Gender Representation on Public Boards (Scotland) Act 2018 implementation: consultation analysis

This report presents the main messages arising from the consultation on the implementation of the Gender Representation on Public Boards (Scotland) Act 2018 (the Act).

Section 9



Arrangements for reporting progress under the Act will be set out in regulations – and the consultation document sought views on draft regulations. The draft guidance provides further information on how reporting should take place. This includes the content of reports, the approach to publication, and how reports should be submitted to Scottish Ministers.

Question 16:

Do you have any comments on the guidance on meeting the reporting requirements? If so, please let us know.

The main theme that emerged from the feedback was concern around the use of the term "gender" and the definition of "woman" for the purposes of the Act.

The following provides details of specific comments made on the guidance relating to arrangements for reporting progress under the Act:

  • Respondents suggested that the guidance should more comprehensively set out the minimum expectations of reports alongside recommendations for best practice. This should include deadlines and expectations on the level of detail to be reported on by public authorities (including intersectional data).
  • Respondents felt that there was a need to set out in the guidance that reports should justify why measures were not considered appropriate under Section 5 and Section 6 of the Act if no steps had been implemented, as paragraph 6.9 only specifies that reports should state that no steps were taken.
  • Respondents recommended that boards continue to report on any additional measures beyond those under Section 5 of the Act post-2022.
  • Respondents proposed that the guidance could be amended at paragraph 6.13 to make clear that boards may continue to add in other steps explored to improve board diversity, including measures aimed at diverse groups of women and other protected characteristics.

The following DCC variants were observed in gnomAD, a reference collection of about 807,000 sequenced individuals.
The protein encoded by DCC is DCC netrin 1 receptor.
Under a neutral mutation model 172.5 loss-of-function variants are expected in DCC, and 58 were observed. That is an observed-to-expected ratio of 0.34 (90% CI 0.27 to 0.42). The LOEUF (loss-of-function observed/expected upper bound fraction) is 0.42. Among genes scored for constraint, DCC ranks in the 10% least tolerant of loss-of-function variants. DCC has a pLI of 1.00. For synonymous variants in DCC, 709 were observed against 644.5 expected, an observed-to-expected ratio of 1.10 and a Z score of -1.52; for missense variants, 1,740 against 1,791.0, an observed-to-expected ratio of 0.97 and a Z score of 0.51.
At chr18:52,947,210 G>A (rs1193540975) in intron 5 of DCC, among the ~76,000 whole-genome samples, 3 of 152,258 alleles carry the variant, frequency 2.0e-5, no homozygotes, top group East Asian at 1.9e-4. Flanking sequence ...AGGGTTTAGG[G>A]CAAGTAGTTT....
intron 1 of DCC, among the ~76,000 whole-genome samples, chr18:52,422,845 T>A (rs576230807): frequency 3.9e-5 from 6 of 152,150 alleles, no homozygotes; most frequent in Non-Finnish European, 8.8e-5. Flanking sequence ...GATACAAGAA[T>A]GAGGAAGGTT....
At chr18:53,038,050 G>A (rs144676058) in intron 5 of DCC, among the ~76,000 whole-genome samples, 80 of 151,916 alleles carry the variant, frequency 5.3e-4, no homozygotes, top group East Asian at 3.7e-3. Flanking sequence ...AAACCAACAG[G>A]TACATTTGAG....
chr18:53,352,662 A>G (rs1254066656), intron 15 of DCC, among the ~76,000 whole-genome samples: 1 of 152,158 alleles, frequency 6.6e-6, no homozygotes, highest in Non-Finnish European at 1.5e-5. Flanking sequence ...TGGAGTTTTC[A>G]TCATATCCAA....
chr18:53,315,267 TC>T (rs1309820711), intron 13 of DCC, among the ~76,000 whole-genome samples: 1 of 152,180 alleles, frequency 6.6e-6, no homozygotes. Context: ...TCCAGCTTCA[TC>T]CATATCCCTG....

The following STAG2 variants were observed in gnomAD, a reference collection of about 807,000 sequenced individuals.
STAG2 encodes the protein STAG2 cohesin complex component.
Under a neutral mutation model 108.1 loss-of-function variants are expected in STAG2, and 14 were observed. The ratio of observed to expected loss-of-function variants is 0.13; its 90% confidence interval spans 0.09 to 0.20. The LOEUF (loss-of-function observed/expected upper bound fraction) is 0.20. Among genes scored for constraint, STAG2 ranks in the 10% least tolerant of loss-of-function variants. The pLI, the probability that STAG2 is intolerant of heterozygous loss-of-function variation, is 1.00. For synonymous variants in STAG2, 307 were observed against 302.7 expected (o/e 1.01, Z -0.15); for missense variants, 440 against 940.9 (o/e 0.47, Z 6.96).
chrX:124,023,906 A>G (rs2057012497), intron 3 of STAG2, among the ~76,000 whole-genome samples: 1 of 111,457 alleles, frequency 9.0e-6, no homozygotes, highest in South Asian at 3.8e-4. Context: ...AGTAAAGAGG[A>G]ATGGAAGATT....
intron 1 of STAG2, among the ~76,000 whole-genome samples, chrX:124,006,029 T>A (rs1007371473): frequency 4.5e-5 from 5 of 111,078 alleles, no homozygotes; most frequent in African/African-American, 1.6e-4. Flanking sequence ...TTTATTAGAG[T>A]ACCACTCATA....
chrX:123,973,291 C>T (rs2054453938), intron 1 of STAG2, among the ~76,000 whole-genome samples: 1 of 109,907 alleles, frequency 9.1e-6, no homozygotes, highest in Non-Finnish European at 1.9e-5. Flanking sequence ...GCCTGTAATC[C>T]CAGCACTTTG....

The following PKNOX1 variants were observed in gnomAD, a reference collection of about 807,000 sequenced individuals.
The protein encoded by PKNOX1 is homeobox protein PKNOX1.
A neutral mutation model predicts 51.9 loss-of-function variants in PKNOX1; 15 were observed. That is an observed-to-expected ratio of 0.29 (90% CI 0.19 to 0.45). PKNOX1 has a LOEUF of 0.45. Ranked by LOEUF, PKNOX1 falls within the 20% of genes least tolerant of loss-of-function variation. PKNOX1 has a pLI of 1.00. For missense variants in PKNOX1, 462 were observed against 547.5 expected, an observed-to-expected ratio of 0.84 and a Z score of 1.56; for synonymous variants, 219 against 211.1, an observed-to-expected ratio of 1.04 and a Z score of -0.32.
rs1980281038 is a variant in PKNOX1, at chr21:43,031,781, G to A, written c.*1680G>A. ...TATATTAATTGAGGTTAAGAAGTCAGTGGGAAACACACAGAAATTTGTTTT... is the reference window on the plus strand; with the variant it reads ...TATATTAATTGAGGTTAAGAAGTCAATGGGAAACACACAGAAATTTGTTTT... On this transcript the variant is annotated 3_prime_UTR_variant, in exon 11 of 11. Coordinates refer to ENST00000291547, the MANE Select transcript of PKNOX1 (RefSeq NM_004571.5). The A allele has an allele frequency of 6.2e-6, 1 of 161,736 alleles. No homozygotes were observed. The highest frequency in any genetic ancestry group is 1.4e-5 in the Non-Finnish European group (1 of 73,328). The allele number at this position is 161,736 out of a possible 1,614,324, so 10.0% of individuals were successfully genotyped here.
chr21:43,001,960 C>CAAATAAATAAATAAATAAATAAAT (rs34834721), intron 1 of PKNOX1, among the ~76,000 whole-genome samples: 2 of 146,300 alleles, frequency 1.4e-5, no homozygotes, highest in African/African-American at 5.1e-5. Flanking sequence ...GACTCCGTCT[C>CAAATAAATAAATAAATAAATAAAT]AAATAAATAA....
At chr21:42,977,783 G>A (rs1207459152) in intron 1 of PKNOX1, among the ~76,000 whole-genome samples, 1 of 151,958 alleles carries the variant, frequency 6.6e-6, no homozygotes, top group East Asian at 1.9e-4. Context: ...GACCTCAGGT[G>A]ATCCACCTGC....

• While respondents mentioned that there was no requirement to report on activity which encourages applications from people who identify with other protected characteristics, doing so might demonstrate good practice in increasing diversity beyond legislative compliance.
  • Respondents suggested that the guidance relating to publication of reports should stress the importance of accountability. It was felt that reports should be published in the most transparent way possible. Respondents emphasised that public accountability is the sole enforcement mechanism created by the Act, and it is therefore vital that reporting is robust in order that the purpose of the Act be achieved in the long term.
  • Feedback from respondents was that the requirements for appointing persons and public authorities are complex, particularly around what information is required to be provided by authorities and by when. One respondents suggested that it may be better to have this in a table format.
  • Respondents felt that it may be helpful for the guidance to encourage appointing persons and public authorities to make it clear where they have met the reporting requirements, when the requirements are integrated into other reports. Otherwise it may be challenging to extract the information to inform Ministers' reports.

Wider comments provided by respondents regarding reporting included that reports:

  • Must include statistics on biological sex.
  • Be open to public scrutiny.
  • Must be open and transparent.

Flexibility in reporting was also welcomed. However, where progress reporting was included in other reports (e.g. PSED), it was felt that this should be an easily identifiable section.



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